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From Hell   A-

20th Century Fox

Year Released: 2001
MPAA Rating: R
Directors: Albert Hughes, Allen Hughes
Writers: Terry Hayes, Rafael Yglesias (based on the graphic novel by Alan Moore and Eddie Campbell)
Cast: Johnny Depp, Heather Graham, Ian Holm, Katrin Cartlidge, Robbie Coltrane, Paul Rhys, Joanna Page, Jason Flemyng, Susan Lynch.

Review by Rob Vaux
"Five murdered paupers, one anonymous assailant. This reality is dwarfed by the vast theme park we've built around it."
--Alan Moore, From Hell

The story of Jack the Ripper, who slaughtered five prostitutes in London's Whitechapel district during the autumn of 1888, has grown over the years into one of history's greatest legends. Fueled by tabloid exploitation, popularized in lurid serials and academic treatises, it retains its potency in part because they simply never caught the man. Numerous serial killers have arisen since then, yet none of them gripped our psyche the way he has. They were eventually uncovered after all; we saw their faces, heard their often-pathetic stories, removed their ability to frighten us, and locked them safely away. Not so the Ripper. He vanished into the London fog just as readily as he appeared, leaving behind a cipher for all our fears and anxieties. Had they found him and revealed him for the illiterate butcher's assistant he probably was, we would have shrugged our shoulders and forgotten. But because he evaded our roving eye, we can give him any identity we choose... and turn him into perhaps the ultimate historical bogeyman.

So argues the exquisite graphic novel From Hell, by Alan Moore and Eddie Campbell. Part social meditation, part conspiracy theory, part Grand Guignol melodrama, it not only presents a thoroughly engrossing tale of the ripper's crimes, but dares to chide us for enjoying it. Now comes a cinematic adaptation -- mockingly referred to in the book, only to find vibrant life in the hands of brothers Allen and Albert Hughes. While refraining from the darkest aspects of the source material, it still presents a compelling vision of London's most infamous criminal.

Naturally, any story about the Ripper must embrace a certain amount of fiction; From Hell goes full bore, delivering a variation on the story as preposterous as it is engaging. The five prostitutes -- friends, led by Heather Graham's redheaded Marie Kelly -- become caught up in a lethal conspiracy, cut down one by one for reasons they can barely comprehend. Normally, the death of a Whitechapel whore means nothing -- they live in appalling conditions where murder is a way of life. But the brutality of the crimes prompts the police to assign their best to the case. Inspector Fred Abberline (a well-tuned Johnny Depp) a gaunt opium addict who suffers from visions and premonitions, soon develops an intriguing lead on the killer's identity. He believes the killer comes from the upper class, and his assumptions soon lead him to the heart of London's elite. There's more at work here than a simple madman -- someone wants these women dead for a reason.

The Hughes brothers take a lush, atmospheric approach to the tale, positing an engaging whodunit beneath a gorgeously realized London. They do a fine job realizing the tale's romantic aspects -- the fog-shrouded streets, the haunted moon, the Ripper with his bag and top hat -- without overwhelming the mystery. Strong supporting performances from some fine British actors (topped by Robbie Coltrane as Abberline's keeper/assistant) round out the lovely visuals. From Hell has a good eye for historical detail, contrasting nicely with story's sensationalist aspects. The plot here is pure fantasy, and yet fits the facts, which further illustrates the Ripper's appeal. Any explanation, no matter how far-fetched, can still be made to jibe with what we know. The brothers do an admirable job of balancing myth with fact, and keep their story neatly ensconced with the historical details of the case.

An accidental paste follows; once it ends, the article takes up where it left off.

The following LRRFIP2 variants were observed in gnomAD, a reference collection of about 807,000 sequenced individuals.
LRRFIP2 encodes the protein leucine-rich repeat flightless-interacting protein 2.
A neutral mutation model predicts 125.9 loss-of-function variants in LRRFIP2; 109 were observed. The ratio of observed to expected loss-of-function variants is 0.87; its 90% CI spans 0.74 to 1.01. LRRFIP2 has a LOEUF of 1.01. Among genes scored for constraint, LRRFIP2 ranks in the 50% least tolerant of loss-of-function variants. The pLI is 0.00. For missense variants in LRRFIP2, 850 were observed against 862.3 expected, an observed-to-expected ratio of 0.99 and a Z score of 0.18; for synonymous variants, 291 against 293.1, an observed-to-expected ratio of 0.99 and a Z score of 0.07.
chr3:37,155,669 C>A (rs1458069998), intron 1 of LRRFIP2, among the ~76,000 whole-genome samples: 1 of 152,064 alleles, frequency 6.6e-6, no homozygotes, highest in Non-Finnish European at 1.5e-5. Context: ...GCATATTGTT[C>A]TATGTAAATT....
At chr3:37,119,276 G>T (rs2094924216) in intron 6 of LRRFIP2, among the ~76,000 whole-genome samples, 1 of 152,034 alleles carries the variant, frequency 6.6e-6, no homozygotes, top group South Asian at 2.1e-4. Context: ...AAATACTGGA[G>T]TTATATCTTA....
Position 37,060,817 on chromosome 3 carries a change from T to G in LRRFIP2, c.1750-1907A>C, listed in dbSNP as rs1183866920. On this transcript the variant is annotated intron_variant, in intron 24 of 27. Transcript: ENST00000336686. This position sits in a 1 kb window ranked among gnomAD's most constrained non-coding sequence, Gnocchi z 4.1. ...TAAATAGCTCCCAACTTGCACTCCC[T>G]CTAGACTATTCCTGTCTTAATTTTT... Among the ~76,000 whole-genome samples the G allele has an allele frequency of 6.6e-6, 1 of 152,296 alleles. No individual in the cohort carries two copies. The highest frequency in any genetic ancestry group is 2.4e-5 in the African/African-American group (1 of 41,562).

And yet, as enticing as this melodrama is, they never allow it to run away with them. Rather than sit contentedly on a Hammer-style potboiler, they use it to deliver some very pointed commentary on class differences, the corruption of power, and the petty lies that allow us to live with monsters. The Ripper murders speak volumes about London's rulers: the galling hypocrisy of those who wanted these women dead, but didn't want to see the blood. Here, From Hell finds its real strength. The story engages us, yet never allows us to revel in the grim proceedings, and the deeper issues arise without pretension or self-righteousness. The most revealing aspect involves the Ripper's victims, whom the brothers treat with surprising humanity. We see a great deal of their existence in the course of the film, and come to understand how they lived as much as how they died. The quintet all have hard faces and hard eyes (with the exception of Graham, who tries hard but just can't shake her movie star glamour), speaking of dreary, hopeless years spent in the worst possible surroundings. We feel for them, and see them as more than just pieces of meat. From Hell commits to revealing that basic dignity, which elevates it far above the high-gloss trash it might have become.

In the end, the film speaks as much about us as it does Victorian London. As much as we might like to pretend otherwise, the victims were real, their fate a historical fact. We take our pleasure in this story -- and the filmmakers take pleasure in showing it to us -- but it never lets us forget the real blood at its roots. From Hell knows how to show us what we want without dodging the moral implications of looking: a fiendish case of having one's cake and eating it too.

Review published 10.22.2001.

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